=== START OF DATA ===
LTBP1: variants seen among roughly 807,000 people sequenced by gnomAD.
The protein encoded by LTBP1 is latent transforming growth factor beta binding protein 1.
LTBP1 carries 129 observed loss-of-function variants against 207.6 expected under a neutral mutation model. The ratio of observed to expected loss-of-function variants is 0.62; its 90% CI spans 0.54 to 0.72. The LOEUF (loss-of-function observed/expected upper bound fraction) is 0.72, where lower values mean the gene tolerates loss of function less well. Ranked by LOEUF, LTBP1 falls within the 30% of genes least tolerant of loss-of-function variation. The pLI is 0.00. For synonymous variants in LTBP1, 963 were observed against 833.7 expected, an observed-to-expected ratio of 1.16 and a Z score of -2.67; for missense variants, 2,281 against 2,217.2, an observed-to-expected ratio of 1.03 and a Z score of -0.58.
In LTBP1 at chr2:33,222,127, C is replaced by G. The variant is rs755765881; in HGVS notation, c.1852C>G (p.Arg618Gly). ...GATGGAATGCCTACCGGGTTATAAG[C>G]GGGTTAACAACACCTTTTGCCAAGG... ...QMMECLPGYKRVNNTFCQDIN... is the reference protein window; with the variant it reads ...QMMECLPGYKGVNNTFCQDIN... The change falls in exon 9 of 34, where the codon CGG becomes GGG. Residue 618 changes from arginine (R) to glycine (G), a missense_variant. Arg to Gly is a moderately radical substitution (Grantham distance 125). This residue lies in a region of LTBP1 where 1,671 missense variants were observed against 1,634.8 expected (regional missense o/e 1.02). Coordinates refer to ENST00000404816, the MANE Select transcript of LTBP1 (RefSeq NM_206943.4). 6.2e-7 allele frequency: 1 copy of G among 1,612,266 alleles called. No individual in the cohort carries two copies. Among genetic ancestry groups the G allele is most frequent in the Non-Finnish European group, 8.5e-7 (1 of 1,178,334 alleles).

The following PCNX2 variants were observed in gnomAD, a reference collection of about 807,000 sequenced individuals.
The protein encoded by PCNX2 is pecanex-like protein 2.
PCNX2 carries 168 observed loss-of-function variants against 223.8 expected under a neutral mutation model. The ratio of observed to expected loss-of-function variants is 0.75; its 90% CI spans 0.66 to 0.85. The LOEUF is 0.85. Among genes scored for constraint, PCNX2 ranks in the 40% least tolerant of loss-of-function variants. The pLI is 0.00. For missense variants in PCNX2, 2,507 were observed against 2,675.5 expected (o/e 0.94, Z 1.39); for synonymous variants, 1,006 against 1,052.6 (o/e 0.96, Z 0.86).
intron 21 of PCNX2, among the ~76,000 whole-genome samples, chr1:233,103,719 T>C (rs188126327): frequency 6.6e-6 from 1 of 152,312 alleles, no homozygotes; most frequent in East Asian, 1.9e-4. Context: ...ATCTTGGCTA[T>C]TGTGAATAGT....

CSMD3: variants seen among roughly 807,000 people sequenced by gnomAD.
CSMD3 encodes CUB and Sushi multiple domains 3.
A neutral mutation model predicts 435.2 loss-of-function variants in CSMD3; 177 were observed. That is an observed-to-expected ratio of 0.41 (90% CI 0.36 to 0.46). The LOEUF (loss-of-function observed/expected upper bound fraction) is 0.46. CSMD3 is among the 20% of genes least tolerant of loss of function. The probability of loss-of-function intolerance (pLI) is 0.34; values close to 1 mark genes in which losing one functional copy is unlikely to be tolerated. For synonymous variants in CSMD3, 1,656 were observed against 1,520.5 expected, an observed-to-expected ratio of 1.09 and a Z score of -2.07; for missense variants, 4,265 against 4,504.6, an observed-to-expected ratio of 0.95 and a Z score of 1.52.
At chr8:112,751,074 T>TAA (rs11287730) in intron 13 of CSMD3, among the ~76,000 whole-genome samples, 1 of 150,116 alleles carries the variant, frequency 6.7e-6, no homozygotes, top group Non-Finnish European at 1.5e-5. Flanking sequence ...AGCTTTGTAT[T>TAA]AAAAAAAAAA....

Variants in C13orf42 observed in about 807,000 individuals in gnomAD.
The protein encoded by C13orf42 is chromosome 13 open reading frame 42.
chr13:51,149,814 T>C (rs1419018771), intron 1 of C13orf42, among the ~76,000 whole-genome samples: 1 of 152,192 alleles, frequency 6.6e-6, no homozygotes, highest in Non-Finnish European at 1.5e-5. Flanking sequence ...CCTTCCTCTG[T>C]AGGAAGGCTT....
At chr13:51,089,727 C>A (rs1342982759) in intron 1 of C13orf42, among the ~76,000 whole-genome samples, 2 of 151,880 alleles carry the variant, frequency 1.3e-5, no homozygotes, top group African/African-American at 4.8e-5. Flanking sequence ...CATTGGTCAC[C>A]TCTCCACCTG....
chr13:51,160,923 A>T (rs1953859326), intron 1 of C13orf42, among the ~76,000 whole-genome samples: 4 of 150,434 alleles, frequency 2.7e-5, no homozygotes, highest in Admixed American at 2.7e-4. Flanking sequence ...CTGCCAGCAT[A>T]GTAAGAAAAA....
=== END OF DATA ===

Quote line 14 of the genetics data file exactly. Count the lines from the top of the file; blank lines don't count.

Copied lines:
The protein encoded by C13orf42 is chromosome 13 open reading frame 42.